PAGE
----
You don't have to put up with a problem window that's hard to open, slams down unexpectedly, or leaks air. Most windows can be repaired so they operate as good as new.
It is often assumed that an old double-hung wood window should be replaced in order to achieve long-term energy savings. Before you replace your venerable window, consider:
A double-hung window that uses chains or ropes attached to sash weights may seem old-fashioned, but with maintenance every few decades this weight system can last for centuries. Newer windows are often more difficult to repair.
Older windows have single glazing, which does not insulate as well as double glazing. However, most energy loss is usually through gaps between sashes and the frame or between the frame and the house; energy loss through the glass is usually a lesser factor.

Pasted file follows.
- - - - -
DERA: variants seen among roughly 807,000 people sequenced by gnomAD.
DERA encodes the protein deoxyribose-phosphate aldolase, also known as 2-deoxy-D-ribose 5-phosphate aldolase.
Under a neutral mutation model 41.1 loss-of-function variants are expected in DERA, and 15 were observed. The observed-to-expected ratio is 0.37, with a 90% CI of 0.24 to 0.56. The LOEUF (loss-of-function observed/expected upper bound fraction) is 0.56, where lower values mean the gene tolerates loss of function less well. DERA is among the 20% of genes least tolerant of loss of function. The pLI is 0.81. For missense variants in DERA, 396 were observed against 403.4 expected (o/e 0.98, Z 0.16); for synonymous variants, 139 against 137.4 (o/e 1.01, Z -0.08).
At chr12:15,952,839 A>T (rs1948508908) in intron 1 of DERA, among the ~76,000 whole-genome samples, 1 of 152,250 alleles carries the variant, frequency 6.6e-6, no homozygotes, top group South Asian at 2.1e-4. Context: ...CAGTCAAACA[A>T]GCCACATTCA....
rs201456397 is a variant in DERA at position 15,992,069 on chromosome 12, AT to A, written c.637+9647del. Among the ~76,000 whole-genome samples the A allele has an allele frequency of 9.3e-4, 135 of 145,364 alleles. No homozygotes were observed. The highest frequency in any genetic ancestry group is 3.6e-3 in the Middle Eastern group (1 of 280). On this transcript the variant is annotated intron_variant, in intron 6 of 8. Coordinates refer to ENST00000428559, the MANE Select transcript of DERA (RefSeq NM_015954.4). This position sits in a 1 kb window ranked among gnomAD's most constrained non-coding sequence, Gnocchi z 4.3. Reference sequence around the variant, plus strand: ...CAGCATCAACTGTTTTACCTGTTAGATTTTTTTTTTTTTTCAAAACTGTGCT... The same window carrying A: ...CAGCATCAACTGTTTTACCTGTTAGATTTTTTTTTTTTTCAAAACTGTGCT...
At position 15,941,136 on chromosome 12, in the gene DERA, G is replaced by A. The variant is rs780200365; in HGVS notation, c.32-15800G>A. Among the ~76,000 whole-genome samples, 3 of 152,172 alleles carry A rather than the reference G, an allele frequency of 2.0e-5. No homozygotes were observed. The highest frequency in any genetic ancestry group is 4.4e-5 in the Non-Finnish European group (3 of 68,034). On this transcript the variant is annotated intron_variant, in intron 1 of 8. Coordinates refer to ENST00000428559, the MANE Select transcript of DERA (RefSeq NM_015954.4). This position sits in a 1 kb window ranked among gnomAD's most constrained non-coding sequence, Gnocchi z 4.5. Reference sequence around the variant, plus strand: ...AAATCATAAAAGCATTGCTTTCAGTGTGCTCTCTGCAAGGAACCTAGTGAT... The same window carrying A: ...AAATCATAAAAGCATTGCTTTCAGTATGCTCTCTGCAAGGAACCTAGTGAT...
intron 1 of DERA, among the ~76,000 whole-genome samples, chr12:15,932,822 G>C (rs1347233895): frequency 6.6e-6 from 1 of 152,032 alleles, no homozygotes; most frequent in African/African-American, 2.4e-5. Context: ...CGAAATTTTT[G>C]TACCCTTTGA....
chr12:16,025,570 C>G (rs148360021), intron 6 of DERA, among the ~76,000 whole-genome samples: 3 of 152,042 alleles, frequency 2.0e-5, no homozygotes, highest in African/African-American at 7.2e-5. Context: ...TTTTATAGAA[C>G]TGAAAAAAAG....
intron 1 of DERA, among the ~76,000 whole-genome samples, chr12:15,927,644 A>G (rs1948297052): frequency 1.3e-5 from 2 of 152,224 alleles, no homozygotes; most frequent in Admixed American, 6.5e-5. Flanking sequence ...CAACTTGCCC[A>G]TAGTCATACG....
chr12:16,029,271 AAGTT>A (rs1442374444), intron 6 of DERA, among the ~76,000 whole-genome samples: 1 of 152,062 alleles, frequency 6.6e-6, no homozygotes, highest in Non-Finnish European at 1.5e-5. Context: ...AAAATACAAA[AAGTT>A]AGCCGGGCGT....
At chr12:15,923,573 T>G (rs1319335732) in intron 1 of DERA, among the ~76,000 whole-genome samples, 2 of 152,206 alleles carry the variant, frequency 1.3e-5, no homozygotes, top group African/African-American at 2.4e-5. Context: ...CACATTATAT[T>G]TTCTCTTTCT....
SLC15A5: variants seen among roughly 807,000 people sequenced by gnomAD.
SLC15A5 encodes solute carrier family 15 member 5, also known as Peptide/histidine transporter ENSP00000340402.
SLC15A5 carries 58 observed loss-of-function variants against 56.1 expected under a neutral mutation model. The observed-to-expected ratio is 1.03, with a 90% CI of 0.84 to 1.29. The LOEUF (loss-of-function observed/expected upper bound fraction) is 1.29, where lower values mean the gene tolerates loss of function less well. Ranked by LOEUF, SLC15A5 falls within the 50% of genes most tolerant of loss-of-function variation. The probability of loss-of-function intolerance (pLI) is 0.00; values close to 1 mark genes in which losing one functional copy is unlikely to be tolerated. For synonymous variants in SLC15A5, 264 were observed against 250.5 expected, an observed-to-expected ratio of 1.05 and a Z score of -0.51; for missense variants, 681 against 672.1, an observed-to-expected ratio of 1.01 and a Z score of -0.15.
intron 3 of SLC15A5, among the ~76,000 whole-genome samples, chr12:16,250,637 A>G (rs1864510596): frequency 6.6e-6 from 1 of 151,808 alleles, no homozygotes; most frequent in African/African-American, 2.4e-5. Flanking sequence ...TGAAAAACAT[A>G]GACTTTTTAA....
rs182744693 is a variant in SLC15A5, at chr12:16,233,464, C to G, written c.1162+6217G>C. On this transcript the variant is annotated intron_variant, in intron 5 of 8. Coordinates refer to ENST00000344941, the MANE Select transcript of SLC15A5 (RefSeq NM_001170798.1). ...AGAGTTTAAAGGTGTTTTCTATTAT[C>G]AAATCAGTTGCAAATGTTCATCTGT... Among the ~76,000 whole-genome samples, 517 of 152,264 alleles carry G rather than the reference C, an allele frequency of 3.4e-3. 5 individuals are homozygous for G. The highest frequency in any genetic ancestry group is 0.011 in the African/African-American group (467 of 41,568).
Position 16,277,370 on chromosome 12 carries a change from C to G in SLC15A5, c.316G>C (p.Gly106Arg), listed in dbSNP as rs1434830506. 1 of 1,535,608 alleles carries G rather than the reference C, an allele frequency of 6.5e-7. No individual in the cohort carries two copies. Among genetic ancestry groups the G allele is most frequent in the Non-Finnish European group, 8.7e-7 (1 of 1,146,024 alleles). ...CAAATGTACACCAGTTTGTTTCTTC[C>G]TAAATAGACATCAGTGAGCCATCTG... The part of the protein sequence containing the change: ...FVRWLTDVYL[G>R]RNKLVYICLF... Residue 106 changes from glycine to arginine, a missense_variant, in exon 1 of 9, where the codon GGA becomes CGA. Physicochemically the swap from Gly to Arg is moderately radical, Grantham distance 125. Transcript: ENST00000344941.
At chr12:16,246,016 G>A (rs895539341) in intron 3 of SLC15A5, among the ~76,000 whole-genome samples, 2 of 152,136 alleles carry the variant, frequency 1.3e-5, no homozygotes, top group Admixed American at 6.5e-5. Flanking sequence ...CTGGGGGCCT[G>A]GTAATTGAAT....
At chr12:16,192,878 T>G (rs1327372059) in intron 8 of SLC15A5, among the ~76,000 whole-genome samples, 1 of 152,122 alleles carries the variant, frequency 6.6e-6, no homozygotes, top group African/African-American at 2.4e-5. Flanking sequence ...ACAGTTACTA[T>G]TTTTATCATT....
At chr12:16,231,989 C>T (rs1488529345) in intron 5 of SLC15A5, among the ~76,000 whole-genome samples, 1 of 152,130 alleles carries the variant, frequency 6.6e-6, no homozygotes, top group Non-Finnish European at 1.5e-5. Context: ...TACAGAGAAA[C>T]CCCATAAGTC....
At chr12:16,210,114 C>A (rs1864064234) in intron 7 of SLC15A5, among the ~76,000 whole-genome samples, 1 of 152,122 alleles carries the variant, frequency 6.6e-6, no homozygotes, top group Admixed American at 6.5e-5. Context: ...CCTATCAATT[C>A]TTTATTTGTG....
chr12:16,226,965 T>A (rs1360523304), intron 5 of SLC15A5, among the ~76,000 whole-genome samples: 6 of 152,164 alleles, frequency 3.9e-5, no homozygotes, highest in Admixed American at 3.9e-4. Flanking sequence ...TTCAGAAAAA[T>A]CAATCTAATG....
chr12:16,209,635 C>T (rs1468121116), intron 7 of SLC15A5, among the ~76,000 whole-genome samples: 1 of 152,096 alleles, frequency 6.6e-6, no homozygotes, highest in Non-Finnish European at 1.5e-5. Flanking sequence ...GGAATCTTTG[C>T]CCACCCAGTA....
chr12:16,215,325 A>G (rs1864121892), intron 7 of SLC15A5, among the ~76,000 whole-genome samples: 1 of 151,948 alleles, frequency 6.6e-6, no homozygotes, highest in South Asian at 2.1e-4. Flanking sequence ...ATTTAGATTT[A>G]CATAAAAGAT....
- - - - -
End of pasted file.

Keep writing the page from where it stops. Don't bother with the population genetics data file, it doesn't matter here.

By adding a good-quality storm window, you can achieve much of the insulation of double glazing, plus extra protection against air infiltration through gaps. If you also take steps to weatherstrip your window, you will end up with a window that seals at least as well as most new windows—at a fraction of the cost.
Starting with glass replacement, this section will take you through all the basic repairs, both minor and major. You'll find instructions for restoring double-hung, sliding, and casement windows, as well as wood and metal storm windows.
A rogue baseball or a bad storm can do some serious damage to your glass window. After immediately cleaning up the broken glass, you'll want to get to work on replacing the window. Especially in a cold or hot climate, a broken window can spike your electric bill.